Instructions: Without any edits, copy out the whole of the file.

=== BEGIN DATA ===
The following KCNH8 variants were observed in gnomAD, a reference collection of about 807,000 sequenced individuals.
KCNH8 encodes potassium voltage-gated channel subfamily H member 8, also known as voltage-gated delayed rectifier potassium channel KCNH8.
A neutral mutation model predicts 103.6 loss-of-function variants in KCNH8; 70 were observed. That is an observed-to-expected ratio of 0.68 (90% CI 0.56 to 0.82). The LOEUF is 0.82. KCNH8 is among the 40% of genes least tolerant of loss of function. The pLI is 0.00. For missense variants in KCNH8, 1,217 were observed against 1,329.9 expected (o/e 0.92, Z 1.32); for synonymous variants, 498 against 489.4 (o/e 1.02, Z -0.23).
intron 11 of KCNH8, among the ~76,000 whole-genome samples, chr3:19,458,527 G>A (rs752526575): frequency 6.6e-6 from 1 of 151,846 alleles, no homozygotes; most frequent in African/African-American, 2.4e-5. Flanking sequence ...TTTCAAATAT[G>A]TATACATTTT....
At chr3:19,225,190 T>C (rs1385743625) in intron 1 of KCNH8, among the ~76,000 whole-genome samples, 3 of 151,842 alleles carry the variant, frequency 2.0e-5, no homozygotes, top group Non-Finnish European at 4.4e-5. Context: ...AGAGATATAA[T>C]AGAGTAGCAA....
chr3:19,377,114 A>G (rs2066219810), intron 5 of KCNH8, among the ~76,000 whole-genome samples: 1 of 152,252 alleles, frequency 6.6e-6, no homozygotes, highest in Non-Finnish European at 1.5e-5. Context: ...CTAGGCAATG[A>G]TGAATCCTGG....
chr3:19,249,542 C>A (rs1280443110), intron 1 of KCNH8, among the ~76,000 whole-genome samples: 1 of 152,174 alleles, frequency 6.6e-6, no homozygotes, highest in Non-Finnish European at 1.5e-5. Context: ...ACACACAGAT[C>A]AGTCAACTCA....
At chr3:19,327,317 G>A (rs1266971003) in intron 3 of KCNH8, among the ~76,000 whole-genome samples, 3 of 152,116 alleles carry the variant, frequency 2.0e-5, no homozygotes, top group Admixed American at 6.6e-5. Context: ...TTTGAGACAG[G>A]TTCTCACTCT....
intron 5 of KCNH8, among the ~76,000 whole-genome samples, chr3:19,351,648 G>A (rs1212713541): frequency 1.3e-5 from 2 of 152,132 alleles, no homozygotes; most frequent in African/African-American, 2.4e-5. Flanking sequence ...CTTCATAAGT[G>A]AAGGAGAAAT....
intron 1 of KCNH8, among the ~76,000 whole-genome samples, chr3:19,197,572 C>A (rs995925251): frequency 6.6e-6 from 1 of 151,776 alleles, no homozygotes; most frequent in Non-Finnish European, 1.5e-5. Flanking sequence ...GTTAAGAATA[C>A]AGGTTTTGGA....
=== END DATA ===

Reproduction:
The following KCNH8 variants were observed in gnomAD, a reference collection of about 807,000 sequenced individuals.
KCNH8 encodes potassium voltage-gated channel subfamily H member 8, also known as voltage-gated delayed rectifier potassium channel KCNH8.
A neutral mutation model predicts 103.6 loss-of-function variants in KCNH8; 70 were observed. That is an observed-to-expected ratio of 0.68 (90% CI 0.56 to 0.82). The LOEUF is 0.82. KCNH8 is among the 40% of genes least tolerant of loss of function. The pLI is 0.00. For missense variants in KCNH8, 1,217 were observed against 1,329.9 expected (o/e 0.92, Z 1.32); for synonymous variants, 498 against 489.4 (o/e 1.02, Z -0.23).
intron 11 of KCNH8, among the ~76,000 whole-genome samples, chr3:19,458,527 G>A (rs752526575): frequency 6.6e-6 from 1 of 151,846 alleles, no homozygotes; most frequent in African/African-American, 2.4e-5. Flanking sequence ...TTTCAAATAT[G>A]TATACATTTT....
At chr3:19,225,190 T>C (rs1385743625) in intron 1 of KCNH8, among the ~76,000 whole-genome samples, 3 of 151,842 alleles carry the variant, frequency 2.0e-5, no homozygotes, top group Non-Finnish European at 4.4e-5. Context: ...AGAGATATAA[T>C]AGAGTAGCAA....
chr3:19,377,114 A>G (rs2066219810), intron 5 of KCNH8, among the ~76,000 whole-genome samples: 1 of 152,252 alleles, frequency 6.6e-6, no homozygotes, highest in Non-Finnish European at 1.5e-5. Context: ...CTAGGCAATG[A>G]TGAATCCTGG....
chr3:19,249,542 C>A (rs1280443110), intron 1 of KCNH8, among the ~76,000 whole-genome samples: 1 of 152,174 alleles, frequency 6.6e-6, no homozygotes, highest in Non-Finnish European at 1.5e-5. Context: ...ACACACAGAT[C>A]AGTCAACTCA....
At chr3:19,327,317 G>A (rs1266971003) in intron 3 of KCNH8, among the ~76,000 whole-genome samples, 3 of 152,116 alleles carry the variant, frequency 2.0e-5, no homozygotes, top group Admixed American at 6.6e-5. Context: ...TTTGAGACAG[G>A]TTCTCACTCT....
intron 5 of KCNH8, among the ~76,000 whole-genome samples, chr3:19,351,648 G>A (rs1212713541): frequency 1.3e-5 from 2 of 152,132 alleles, no homozygotes; most frequent in African/African-American, 2.4e-5. Flanking sequence ...CTTCATAAGT[G>A]AAGGAGAAAT....
intron 1 of KCNH8, among the ~76,000 whole-genome samples, chr3:19,197,572 C>A (rs995925251): frequency 6.6e-6 from 1 of 151,776 alleles, no homozygotes; most frequent in Non-Finnish European, 1.5e-5. Flanking sequence ...GTTAAGAATA[C>A]AGGTTTTGGA....